The university sector must use the window of opportunity provided by the EU recovery plan (Next Generation EU), to present sustainable solutions for campus development and innovation, proposing green and digital institutional transformation projects. As the economic fallout of the Covid-19 pandemic becomes a real threat to the sector, EUA reiterates that the recovery plan offers a chance to invest in higher education and research and bridge the years of investment gaps without losing sight of the alignment of different funding schemes.
The European Commission expects most member states to start spending money from the recovery fund this summer. To do this, governments must submit their national recovery plans by the end of this month (April). The instrument allows the European Commission to raise up to €750b (2018 prices, €800b in current prices) to fund Next Generation EU, the biggest part of which comes through the Recovery and Resilience Facility.
Next Generation EU disbursement procedure
The European Commission could start borrowing from the markets only after the first national recovery plans are approved and adopted, and the Own Resources Decision (the legal basis of the Recovery and Resilience Facility) is ratified by all 27 member states. As of mid-April 2021, 10 member states still need to ratify the decision. Transfers could start taking place in the second half of July 2021, assuming that the aforementioned legal conditions are fulfilled.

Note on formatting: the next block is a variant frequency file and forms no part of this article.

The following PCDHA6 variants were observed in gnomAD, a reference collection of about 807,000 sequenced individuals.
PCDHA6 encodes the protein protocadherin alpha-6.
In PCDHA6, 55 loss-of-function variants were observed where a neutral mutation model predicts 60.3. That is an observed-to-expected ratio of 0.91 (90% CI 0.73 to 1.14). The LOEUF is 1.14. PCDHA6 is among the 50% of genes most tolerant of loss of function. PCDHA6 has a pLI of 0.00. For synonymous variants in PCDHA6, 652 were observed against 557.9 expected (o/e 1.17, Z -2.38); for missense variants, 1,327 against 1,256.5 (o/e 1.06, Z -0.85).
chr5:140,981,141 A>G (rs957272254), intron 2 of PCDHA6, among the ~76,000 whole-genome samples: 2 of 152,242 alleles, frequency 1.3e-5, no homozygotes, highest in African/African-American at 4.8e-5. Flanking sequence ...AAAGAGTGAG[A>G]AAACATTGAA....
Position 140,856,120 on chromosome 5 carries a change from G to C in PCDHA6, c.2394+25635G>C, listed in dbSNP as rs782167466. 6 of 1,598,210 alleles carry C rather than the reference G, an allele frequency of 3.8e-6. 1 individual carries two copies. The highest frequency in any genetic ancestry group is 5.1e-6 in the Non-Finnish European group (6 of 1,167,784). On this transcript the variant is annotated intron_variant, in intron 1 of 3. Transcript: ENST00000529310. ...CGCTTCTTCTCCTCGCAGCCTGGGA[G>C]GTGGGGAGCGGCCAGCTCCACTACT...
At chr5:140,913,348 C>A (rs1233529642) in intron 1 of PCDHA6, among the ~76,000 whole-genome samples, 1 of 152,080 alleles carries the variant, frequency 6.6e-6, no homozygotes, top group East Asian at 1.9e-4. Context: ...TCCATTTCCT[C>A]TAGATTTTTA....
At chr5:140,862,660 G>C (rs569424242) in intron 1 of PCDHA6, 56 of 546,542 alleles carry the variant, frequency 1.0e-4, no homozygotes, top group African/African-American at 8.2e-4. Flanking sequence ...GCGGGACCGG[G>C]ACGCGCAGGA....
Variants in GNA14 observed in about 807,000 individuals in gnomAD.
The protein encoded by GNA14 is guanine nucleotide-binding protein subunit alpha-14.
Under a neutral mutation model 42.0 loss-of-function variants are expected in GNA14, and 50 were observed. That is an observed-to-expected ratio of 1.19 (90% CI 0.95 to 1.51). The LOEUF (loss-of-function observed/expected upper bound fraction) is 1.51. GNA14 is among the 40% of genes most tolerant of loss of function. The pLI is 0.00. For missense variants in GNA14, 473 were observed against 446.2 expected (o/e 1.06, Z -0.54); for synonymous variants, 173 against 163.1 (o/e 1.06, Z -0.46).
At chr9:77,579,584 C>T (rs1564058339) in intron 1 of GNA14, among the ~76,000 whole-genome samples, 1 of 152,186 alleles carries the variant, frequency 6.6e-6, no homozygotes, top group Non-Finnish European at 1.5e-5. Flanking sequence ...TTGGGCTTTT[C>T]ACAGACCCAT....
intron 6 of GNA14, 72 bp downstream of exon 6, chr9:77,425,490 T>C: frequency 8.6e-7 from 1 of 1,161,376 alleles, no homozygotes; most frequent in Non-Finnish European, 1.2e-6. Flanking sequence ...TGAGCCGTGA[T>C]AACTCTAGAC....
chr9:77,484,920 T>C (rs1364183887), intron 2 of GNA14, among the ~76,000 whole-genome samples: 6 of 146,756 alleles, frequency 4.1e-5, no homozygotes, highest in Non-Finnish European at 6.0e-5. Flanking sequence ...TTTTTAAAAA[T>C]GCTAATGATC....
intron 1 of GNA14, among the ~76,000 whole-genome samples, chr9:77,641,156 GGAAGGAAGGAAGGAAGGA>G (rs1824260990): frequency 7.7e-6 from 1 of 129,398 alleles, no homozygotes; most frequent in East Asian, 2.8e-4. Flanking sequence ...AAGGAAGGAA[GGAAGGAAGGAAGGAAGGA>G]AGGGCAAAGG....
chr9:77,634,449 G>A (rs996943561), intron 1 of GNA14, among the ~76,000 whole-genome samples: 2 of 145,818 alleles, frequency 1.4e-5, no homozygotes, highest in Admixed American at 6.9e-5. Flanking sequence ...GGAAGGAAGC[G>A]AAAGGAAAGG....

If there are not enough resources for all the pre-financing requested, some member states will receive payments in July, while others will receive them in September. According to the European Commission, the decision on who receives the money first will be based on which member state receives the best score in the evaluation of its national recovery plan.
The Next Generation EU Diversified Funding Strategy, presented on 15 April 2021, gives a detailed overview of the different funding instruments and techniques that will be used by the Commission to finance the recovery plan.
Where can universities engage?
As EUA previously indicated, the university sector must play an important role in the development of future oriented resilience. It is of utmost importance that universities are engaged on national level by putting forward concrete proposals on how they can contribute to the recovery effort.
National recovery plans are based on a set of criteria that considers the country-specific recommendations (from the European Semester) and, among others, the effective contribution to green and digital transitions (precisely, the extent to which each national plan contains 37% green and 20% digital objectives).
This topic will be at the centre of discussion in the upcoming EUA webinar on university funding towards 2030, which will focus on the latest university funding trends in Europe, addressing the question of alignment of funding policies and instruments to support university financial sustainability.
EUA will continue to make the case for university involvement and will keep its members abreast of any political developments and funding opportunities. A detailed briefing for EUA members is available upon request to: email@example.com.